News release: 21 October 2014

Source: Misco News

An alarming number of companies in the UK are unaware that they have suffered a security breach, according to a new report by PricewaterhouseCoopers (PwC).

The Global State of Security report shows that Britain remains the most targeted country, with 10% more attacks than companies around the world. Sixty-nine percent of the companies surveyed told PwC that they had experienced a security incident in the UK over the past 12 months; the global figure was 59%.

However, of the 475 executives surveyed, a quarter said they had not noticed a breach – a lot higher than the global score – and 8% said they had no idea how many security breaches they had suffered over the last year, IT Pro reports.

Many of the security incidents involved customer or employee records that had been compromised; a quarter of the companies said this was the case, while 22% said that intellectual property had been stolen.

Still, it looks like UK companies are trying to get to grips with the ongoing security issue. More than half (55%) said that they plan to invest more money in security this year. Another third said that security expenditure would remain the same.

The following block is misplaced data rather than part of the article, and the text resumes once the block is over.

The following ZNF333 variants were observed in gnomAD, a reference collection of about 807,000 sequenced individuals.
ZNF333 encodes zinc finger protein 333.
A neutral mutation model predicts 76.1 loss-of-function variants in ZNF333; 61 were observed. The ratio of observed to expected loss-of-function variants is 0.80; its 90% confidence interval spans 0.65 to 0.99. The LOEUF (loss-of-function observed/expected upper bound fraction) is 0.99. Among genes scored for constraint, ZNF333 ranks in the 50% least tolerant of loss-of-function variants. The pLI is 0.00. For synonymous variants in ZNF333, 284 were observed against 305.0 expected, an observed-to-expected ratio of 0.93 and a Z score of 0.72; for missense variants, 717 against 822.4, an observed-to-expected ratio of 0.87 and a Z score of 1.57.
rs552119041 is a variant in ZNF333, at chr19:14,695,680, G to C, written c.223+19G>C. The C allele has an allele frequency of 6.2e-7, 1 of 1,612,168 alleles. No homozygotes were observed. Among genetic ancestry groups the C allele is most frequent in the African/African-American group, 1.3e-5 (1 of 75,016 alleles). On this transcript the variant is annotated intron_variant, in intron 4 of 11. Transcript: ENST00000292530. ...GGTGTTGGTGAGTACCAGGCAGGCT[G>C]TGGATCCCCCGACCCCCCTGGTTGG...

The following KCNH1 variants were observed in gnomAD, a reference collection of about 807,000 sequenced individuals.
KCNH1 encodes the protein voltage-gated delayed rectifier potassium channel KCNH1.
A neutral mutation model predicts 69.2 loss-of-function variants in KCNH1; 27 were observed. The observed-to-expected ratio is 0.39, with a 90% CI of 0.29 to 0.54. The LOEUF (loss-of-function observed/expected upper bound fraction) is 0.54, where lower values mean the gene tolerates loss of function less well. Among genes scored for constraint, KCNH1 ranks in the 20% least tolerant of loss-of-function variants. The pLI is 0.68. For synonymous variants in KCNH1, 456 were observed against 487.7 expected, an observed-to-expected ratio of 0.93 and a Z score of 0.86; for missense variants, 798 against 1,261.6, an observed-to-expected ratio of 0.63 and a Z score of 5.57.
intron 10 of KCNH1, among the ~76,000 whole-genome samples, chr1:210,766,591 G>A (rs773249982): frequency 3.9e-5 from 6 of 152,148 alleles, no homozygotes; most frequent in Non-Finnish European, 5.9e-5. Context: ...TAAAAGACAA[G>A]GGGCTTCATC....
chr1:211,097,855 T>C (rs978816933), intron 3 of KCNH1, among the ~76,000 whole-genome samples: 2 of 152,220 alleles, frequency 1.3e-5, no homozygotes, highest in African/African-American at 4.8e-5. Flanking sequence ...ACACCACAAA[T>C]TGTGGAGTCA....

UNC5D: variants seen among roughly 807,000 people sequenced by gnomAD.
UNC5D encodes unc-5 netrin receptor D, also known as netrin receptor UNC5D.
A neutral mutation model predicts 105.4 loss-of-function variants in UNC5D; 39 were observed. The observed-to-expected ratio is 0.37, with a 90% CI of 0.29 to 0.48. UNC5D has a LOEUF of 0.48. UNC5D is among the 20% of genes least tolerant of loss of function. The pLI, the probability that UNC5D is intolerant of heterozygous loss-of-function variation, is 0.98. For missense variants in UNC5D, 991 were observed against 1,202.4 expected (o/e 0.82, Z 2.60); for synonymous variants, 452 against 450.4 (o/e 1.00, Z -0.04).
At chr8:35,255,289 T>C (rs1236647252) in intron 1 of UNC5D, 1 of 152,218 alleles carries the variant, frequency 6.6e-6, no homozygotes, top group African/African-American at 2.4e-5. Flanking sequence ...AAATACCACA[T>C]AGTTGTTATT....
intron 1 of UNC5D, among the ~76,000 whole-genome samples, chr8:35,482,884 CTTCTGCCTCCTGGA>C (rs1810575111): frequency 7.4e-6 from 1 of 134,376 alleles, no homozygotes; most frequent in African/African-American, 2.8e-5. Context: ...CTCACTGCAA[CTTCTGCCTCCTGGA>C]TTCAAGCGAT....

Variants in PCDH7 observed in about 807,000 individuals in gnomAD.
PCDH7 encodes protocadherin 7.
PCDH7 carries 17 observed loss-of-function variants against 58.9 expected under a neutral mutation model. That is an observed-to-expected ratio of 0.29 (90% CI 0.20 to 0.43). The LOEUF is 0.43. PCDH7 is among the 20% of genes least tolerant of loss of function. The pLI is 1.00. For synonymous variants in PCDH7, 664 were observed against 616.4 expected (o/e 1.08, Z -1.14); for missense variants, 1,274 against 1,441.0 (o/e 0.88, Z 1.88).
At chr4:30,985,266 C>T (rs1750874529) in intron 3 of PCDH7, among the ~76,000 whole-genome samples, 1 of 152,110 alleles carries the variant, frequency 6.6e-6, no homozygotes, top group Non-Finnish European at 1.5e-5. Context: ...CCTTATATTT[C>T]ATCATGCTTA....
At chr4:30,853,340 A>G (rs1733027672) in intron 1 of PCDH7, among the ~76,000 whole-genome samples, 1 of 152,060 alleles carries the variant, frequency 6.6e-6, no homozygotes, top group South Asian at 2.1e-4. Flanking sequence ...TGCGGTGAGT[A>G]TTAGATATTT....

Richard Horne, cyber security partner at PwC, said: “A sizeable minority of UK businesses are underestimating the scale of the problem they face. Information security incidents are a fact of life, and a critical element of defence is the ability to detect and respond to incidents quickly before they have an impact on business.”

He added that although any increase in security spending was welcomed, security should be embedded within an organisation’s very DNA through leadership and a clear strategy.

JMS Secure Data response to article;

If your business hasn’t experienced data loss, consider yourself very lucky. Unfortunately, plenty businesses have had the unfortunate experience of losing important, valuable data that helps their business thrive. Losing data can be disastrous for your business, there’s no doubt about it. Remember 60% of companies that lose their data will go out of business within 6 months of the disaster.

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